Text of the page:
The Dragonfather

The Dragonfather

The year was 2000. I was eight years old and my third grade teacher had us watch The Hobbit on VHS during a slow day at school. I thought it was the strangest thing I'd ever see, but I couldn't look away. Something about wooly-footed earth dwellers, fanged goblins, and mighty gold-hoarding dragons ignited a spark of curiosity within me. Shortly afterward I read the book, and became obsessed with fantasy. It was like dinosaurs, but cooler. Because it wasn't dependent on the fossil record. I could imagine anything.

I began writing my first fantasy story that year on a computer which should be in a museum. It was beige colored and the keyboard was so loud, it's a wonder the neighbors didn't call our home phone (which was also beige). Some of the monsters I invented for this fantasy world have made it all the way to the present day. But I'll admit, not much else did.

At the age of nine, I began making my own card games. They were heavily inspired by games like Pokémon and Yu-Gi-Oh! But it featured monsters and heroes from my own high fantays setting. I began calling this world Tarn. I had no idea that this word meant "lake" essentially, but I liked the sound, so Tarn it was and Tarn it shall continue to be. Ironically, the world, from the vantage point of the divine, the world does indeed resemble a lake.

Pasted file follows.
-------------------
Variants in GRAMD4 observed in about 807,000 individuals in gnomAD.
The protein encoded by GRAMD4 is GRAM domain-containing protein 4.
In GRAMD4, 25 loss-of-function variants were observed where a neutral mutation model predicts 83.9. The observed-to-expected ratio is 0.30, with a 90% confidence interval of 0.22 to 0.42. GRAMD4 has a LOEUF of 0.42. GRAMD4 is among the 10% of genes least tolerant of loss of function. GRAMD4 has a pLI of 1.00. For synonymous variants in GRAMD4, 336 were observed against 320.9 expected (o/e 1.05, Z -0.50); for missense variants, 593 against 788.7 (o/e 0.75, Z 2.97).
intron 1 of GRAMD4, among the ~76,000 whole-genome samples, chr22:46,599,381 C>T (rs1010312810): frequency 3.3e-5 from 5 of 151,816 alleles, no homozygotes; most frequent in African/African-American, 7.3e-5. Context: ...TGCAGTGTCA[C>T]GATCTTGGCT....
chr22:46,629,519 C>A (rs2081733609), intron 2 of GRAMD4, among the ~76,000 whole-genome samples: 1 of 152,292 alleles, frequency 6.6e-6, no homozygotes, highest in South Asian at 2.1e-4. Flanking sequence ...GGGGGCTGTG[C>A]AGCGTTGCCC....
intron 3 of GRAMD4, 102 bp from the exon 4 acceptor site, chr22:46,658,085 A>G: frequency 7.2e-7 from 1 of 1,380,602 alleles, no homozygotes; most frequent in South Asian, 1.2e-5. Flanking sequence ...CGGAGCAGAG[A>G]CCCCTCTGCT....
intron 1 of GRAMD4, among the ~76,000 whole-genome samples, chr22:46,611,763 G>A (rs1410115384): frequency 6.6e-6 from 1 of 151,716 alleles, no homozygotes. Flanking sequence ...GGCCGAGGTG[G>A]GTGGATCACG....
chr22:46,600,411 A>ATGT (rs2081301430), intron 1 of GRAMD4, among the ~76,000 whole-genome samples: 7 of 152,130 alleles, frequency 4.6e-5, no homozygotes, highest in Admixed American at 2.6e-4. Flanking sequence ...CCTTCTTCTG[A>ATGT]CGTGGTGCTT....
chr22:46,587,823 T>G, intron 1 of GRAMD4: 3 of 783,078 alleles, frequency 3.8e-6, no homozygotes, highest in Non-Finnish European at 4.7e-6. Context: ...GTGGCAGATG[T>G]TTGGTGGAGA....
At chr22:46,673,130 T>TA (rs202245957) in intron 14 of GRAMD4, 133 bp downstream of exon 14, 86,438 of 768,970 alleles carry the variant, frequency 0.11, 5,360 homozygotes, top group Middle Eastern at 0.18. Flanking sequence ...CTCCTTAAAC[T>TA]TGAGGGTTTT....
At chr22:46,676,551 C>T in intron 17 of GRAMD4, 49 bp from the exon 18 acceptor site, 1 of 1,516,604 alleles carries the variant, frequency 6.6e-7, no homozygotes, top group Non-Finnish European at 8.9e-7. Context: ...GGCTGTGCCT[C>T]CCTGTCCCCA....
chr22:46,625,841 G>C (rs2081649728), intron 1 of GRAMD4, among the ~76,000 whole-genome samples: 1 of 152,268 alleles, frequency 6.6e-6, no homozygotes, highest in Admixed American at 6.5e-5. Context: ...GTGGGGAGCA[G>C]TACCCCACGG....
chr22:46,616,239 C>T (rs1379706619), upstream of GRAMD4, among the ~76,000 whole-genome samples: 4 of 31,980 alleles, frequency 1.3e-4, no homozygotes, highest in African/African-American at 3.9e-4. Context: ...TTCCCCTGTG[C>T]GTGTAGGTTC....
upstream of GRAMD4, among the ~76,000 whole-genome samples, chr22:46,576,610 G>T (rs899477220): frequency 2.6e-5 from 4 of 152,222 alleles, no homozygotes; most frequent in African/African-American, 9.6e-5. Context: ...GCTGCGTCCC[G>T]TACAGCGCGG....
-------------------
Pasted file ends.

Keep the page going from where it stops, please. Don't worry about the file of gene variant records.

When I was thirteen, I started playing guitar. I'd developed a deep love for metal music, and by the fifteen I had assembled a band. Over the next several years, while we were playing shows and mingling with metalheads, I met a lot of people who weren't necessarily geeks. But I missed making card games, so I set out to design something that I could play with these new friends who had absoutely no experience with tabletop gaming.

Thus, Dragonvault was born.

I started bringing the game to barbecues, birthday parties, and any type of gathering I could. The first version was home printed and hand-cut. Since it was small, I could always keep a deck in my backpack, waiting for the opportune moment. I played rounds upon rounds of Dragonvault with people of all ages, and all levels of experience with tabletop gaming, from "I've never played a card game" to Magic players that have blue decks (you proabably know the type).

So now I am pleased to share with you the fruit of my labor. And a labor it has been. Creating and self publishing a card game during the meltdown of civilization has been a grueling (and increidbly rewarding) task. Like Biblo Baggins, I grew fond of the adventure. And the comments of people who have grown to love this game fuels me to keep going. 

Thank you, and God bless you.

The Dragonfather, creator of Dragonvault